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About Tibetan Astrology
2nd century B.C. - 4th century A.D.
Until the introduction of Buddhism in Tibet in the fourth century A.D., the Bon religion forms the basis of Tibetan astrology. Its doctrines are presented in a detailed system of categories and sub-categories, two of which are astrology and medicine. The Bon doctrines acknowledge the five elements of Wood, Fire, Earth, Metal and Water, and use a system of astrological prediction and divination similar to shamanism.
6th century A.D.
Tibetan King Namri Songtsen sends four of Tibet's most brilliant young scholars to China to study astrology. On their return, the four introduce invaluable information to Tibetan astrology. However, there being no written language of Tibet at the time, the information is only conveyed orally.
7th century A.D.
The fifth wife of Tibetan King Songtsen Gampo, Kong Ju, an accomplished astrologer, introduces Chinese Classical Elemental Astrology to Tibet.
8th century A.D.
Generally regarded as the pinnacle or "Golden Age" in Tibetan medicine, astrology, and Dharma, each field enjoys its highest patronage and development. In fact, the high standards set by Tibetan scholars in this period inspire Tibetan scholars for centuries to come.
Indian Sage Guru Padma Sambhava introduces the concept that elements in their pure form are the basis of all life in the universe, and that the same elements in their impure form are poisonous to the body.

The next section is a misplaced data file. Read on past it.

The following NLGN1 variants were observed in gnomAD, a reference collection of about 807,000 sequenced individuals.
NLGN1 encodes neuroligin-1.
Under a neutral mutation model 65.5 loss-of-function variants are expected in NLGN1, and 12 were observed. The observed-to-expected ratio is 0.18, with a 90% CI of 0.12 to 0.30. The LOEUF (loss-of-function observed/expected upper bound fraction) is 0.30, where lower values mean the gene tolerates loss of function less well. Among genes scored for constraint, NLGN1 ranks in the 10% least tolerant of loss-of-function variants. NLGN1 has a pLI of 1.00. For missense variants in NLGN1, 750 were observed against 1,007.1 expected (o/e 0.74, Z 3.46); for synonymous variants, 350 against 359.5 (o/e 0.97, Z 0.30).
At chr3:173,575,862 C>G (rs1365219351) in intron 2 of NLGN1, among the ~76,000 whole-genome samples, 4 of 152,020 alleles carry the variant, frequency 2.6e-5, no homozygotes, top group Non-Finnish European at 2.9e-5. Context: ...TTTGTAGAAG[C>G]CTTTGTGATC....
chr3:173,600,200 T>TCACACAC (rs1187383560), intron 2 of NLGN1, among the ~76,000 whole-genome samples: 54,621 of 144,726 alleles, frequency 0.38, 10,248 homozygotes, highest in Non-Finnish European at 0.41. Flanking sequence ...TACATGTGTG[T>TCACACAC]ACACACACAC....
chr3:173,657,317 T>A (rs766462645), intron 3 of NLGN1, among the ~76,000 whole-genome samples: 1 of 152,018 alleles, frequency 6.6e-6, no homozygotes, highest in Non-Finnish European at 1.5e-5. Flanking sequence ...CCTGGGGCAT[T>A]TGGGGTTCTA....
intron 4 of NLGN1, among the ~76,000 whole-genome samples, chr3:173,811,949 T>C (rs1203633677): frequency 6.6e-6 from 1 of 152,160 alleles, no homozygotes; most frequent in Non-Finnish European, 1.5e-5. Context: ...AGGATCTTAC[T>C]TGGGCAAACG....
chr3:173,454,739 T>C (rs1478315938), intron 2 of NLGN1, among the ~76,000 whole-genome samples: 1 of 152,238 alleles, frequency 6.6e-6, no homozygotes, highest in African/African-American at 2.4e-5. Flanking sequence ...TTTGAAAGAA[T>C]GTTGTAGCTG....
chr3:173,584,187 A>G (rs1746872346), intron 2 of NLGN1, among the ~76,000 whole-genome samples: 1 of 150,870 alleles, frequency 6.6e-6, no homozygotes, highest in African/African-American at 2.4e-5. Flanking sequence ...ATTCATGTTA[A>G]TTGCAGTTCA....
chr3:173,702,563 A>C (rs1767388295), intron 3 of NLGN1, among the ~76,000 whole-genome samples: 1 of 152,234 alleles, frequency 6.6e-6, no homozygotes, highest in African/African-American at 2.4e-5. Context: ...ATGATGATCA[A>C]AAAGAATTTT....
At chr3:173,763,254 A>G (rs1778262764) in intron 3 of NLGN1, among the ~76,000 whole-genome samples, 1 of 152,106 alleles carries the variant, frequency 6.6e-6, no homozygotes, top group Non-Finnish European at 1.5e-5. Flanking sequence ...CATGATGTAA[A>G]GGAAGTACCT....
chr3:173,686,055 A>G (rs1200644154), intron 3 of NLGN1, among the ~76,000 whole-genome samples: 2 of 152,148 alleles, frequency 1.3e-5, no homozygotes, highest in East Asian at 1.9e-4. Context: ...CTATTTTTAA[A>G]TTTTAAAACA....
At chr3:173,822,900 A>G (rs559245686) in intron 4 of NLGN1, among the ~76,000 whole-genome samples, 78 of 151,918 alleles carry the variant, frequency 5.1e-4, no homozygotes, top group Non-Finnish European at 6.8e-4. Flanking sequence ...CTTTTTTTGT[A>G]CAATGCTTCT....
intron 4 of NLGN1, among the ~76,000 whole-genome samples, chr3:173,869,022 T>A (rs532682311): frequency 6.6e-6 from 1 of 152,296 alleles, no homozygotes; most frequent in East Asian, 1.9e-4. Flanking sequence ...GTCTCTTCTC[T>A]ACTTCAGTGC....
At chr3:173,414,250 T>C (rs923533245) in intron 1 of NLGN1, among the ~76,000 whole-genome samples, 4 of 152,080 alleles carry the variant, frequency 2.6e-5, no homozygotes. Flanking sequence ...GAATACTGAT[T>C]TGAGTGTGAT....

10th century A.D.
At the hands of weak leadership, there is a decline in Tibetan power, and with it, a decline in Tibetan astrology.
11th century A.D.
The Sri Kalachakra Tantra, which forms the basis of modern Tibetan astrology, is translated from Sanskrit into Tibetan. Its principles lead to the creation of the first annual Tibetan almanac, which allows the user to determine the precise day-to-day positions of the stars, planets and signs of the zodiac.
17th century A.D.
Under the leadership of H.H the Fifth Dalai Lama, Ngawang Lobsang Gyatso, Tibetan astronomy and astrology rise to their pre-vious glory. His Holiness's regent, Desi Sangye Gyatso, compiles a folio of Tibetan astrology which remains in use today.
 
Tibetan Astrology:
Tibetan Elemental Astrology, 'Byung-rTsis, is based on the five elements, the twelve-year cycle, eight par-kha or trigrams, and nine sme-wa or magic square numbers. Tibetan astrologers use these to calculate horoscopes along with four major themes: one's life span, physical condition, economic and political power, and overall luck in business and work.
The Tibetan system of Astronomy, sKar-rTsis, draws from the Shri Kalachakra Tantra and the Arising Vowel System, dByangs-'Char, which assigns a different vowel in each day of the month, and calculates its effect on individuals and nations.
There are parallels between Tibetan and Vedic astrology in their calculation of calendars and planetary movement. Although the Tibetan and Indian calendars start the year on different dates, they are similar in their use of the twelve zodiac houses and the five planets of Mars, Mercury, Jupiter, Venus and Saturn. (The outer planets are not recognised, as they had not been discovered at the time the ancient texts were written.) Like Vedic astrology, Tibetan astrology recognises the shadowy planets of Rahu and Ketu, which are important for the prediction of eclipses, wellbeing of the people, and nation.